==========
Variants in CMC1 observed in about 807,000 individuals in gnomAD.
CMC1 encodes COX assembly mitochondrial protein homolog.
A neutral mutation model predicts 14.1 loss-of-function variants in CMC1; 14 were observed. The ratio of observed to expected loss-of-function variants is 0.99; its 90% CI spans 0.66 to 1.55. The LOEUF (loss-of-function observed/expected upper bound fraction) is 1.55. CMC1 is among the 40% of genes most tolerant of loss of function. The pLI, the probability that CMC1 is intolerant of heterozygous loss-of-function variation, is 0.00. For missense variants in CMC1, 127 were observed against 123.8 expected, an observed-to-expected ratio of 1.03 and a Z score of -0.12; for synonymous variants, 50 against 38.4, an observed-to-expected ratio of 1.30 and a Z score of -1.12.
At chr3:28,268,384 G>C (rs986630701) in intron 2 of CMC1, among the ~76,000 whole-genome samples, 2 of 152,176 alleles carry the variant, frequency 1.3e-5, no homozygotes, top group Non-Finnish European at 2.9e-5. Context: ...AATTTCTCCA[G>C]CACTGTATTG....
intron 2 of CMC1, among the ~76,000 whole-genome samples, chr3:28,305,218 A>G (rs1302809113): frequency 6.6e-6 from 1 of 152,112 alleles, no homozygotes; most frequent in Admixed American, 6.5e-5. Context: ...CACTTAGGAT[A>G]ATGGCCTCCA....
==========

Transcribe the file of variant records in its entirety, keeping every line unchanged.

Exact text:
Variants in CMC1 observed in about 807,000 individuals in gnomAD.
CMC1 encodes COX assembly mitochondrial protein homolog.
A neutral mutation model predicts 14.1 loss-of-function variants in CMC1; 14 were observed. The ratio of observed to expected loss-of-function variants is 0.99; its 90% CI spans 0.66 to 1.55. The LOEUF (loss-of-function observed/expected upper bound fraction) is 1.55. CMC1 is among the 40% of genes most tolerant of loss of function. The pLI, the probability that CMC1 is intolerant of heterozygous loss-of-function variation, is 0.00. For missense variants in CMC1, 127 were observed against 123.8 expected, an observed-to-expected ratio of 1.03 and a Z score of -0.12; for synonymous variants, 50 against 38.4, an observed-to-expected ratio of 1.30 and a Z score of -1.12.
At chr3:28,268,384 G>C (rs986630701) in intron 2 of CMC1, among the ~76,000 whole-genome samples, 2 of 152,176 alleles carry the variant, frequency 1.3e-5, no homozygotes, top group Non-Finnish European at 2.9e-5. Context: ...AATTTCTCCA[G>C]CACTGTATTG....
intron 2 of CMC1, among the ~76,000 whole-genome samples, chr3:28,305,218 A>G (rs1302809113): frequency 6.6e-6 from 1 of 152,112 alleles, no homozygotes; most frequent in Admixed American, 6.5e-5. Context: ...CACTTAGGAT[A>G]ATGGCCTCCA....